Day 5 – Miroku no Sato
The adventure continues in yet another seemingly abandoned park. We were the second car into the car park and that was it for the foreseeable future.
They didn’t have enough staff to simultaneously run both the ticket window and the turnstiles to get in, so you could have potentially just walked in without much resistance. This is Japan though, so that wouldn’t happen.
Paid our dues and headed to the back of the park for the big cred, where the quietness turned into a right pain. There were no staff at this end of the park at all, the ride had a sign about maintenance as well as there being tins of grease on the platform and dust covers on parts of the train. That… doesn’t look good.
Also to my surprise, the engineers that we saw on our way up had turned on the Ferris Wheel for the morning and then left it running totally unsupervised. I could have let myself on or gone into the control box and had a play, had I fancied.
Back to the other end of the park then, which was quite the ordeal due to the weather suddenly being a lot hotter. A small school group had just entered the park and the little cred was up and running.
Grab that then, with it’s cute caterpillar face. And what a layout – a slow drop into a vicious unbanked corner, end.
The same maintenance sign from the other ride was also present here, just tucked to the side. So by Sherlock Holmes powers of deduction, it seemed like it was a sign generally used to shut something rather than having such a specific purpose. There’s still hope.
With that in mind, went to the little service centre to try get some information on the status of the other cred. Was greeted by an old man who, though friendly, was utterly useless. It was quite clear I don’t speak the language and my questioning was all done through what I at least believed to be universally understandable gesturing and pointing with maps, clocks, etc. His solution to responding was to speak very slowly in Japanese with zero expression on his face and absolutely no attempt to gesture or mime in return.
Though we had other places to be today, I wasn’t giving up yet. Walked once again to the other end of the park as I’d noticed other guests slowly heading that way. Maybe that will spark some life into the staff.
Breaking news in the industry – this ride is white on RCDB. It is now pink.
There was a little go karts attraction at the top and that was being alternately operated by a single guy who was also now looking after the ferris wheel. The engineers also arrived back up the hill and began to carry out what I assumed to be a ground level track walk on the cred. A good sign.
Camped it out for a good hour in the shade, watching various other activities take place like turning the chain on and watching all the links. Gut instinct said this was all ‘morning’ checks rather than full blown maintenance, though the morning was fading fast. Rather than bother the engineers, decided to have an attempt at asking the lone operator what time it would open. Luckily he knew a smidge of English and managed to say “thirteen”. 1pm then, good man.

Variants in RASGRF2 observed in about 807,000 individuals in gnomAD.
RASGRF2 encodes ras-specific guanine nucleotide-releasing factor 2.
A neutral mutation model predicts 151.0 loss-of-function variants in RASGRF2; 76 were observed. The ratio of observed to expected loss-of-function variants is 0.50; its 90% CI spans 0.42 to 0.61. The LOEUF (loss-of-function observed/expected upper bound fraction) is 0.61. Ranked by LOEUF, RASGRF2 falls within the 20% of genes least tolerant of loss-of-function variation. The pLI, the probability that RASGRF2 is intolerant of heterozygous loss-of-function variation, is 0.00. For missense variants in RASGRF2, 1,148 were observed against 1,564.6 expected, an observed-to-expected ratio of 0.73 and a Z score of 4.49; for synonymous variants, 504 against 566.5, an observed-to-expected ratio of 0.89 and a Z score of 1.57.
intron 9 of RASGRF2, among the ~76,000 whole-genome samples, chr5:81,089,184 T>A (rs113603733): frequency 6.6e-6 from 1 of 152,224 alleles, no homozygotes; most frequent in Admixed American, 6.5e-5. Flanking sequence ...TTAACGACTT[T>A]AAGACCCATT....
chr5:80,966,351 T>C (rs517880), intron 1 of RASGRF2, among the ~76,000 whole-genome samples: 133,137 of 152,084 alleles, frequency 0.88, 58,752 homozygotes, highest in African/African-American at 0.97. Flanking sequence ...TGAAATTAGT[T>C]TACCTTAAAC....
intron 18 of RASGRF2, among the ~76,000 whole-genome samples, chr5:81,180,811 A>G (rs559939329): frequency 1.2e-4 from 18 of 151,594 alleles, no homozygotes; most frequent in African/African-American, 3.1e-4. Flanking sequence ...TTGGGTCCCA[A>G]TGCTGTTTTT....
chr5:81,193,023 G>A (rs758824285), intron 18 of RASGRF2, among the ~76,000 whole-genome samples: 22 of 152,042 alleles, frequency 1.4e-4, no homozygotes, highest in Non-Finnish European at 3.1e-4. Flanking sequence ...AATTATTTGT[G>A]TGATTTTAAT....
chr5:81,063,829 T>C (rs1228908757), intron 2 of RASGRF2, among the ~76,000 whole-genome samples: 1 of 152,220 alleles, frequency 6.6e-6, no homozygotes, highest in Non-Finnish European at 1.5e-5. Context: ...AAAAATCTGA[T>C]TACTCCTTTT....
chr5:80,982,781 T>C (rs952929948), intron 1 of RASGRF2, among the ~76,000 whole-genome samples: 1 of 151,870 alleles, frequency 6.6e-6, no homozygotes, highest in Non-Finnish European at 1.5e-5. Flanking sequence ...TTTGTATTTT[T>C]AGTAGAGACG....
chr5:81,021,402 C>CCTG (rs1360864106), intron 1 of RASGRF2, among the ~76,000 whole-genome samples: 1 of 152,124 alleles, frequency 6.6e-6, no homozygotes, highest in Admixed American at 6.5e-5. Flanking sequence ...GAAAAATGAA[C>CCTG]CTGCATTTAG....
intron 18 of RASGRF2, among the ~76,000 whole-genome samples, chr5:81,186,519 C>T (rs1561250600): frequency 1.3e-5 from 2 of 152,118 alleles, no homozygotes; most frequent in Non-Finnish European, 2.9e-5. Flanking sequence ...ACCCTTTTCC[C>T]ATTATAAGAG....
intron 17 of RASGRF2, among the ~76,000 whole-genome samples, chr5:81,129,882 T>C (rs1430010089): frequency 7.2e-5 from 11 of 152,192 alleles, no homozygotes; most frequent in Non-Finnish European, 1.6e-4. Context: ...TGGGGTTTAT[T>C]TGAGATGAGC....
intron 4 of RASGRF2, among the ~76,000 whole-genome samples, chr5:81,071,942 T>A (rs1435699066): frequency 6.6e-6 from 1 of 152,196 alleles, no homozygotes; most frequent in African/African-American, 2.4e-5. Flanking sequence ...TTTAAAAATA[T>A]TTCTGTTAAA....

Considering the park opened at 9 and that was another good hour of waiting, got fed up of sitting around there and went back to the car for a while, assessing the various travel options – there’s still a long, long way to go today.
But I hadn’t come here for nothing. Headed back in just before 1 to see it testing. Good.
More breaking news – it used to be called Himalaya Coaster, but is now known as Music Go- star. Isn’t that something.
The Music part is reference to these speakers in the magnificent 900° helix and it also has a shiny new fountain plaza to go with it.
And wait, what’s this? 2 of the cars are now backwards! This is too much excitement to handle.
So I got on it, backwards of course. It ain’t very good.
Going backwards made it a bit more interesting, but it’s a tad on the rough side and too jolty to provide legit airtime in the single drop and air time hill before it corners forever and ends.
The corner wasn’t smooth then it does that dumb early Arrow style ‘let’s keep the banking of this transition continuing through this extended straight line’, which is also the brake run, which is made from reverse kicker wheel tyres. That’s just bad planning.
Off we go.
Brazilian Park Washuzan Highland
Was quite excited for this place. Another nice location. They’ve got one of my rides, a Togo Standup and a jet coaster with good views.
Got to the ticket window to be greeted with “English?” “Yes mate.”
A map was pulled out and the phrase “rollercoaster closed” was used, followed by marking an X in pencil against the 3 creds I just mentioned.
So, all of them then?
Arigatō and sayonara.
The view of walking away disappointed.
Time for an esoteric reference to my Oakwood trip report.
Who needs coasters when you can have castles?
This is Okayama Castle.
Pretty isn’t it.
The day didn’t end there as we had to be in Osaka that night to drop off the car. It was gonna be intense, following the delays in the morning.
The sat nav in the car was nice enough to not be up to date and we ended up losing another half hour (and probably £20 in tolls) getting lost on a brand new highway that it didn’t even know existed. “Keep right” my arse.
That was enough to tip the timing over the edge and unfortunately the people at the car hire place had gone home for the day. Managed to park it in their actual multi-storey overnight at least, planning to chuck the key their way in the morning.
Up next – more intense timing. It’s the Osaka way.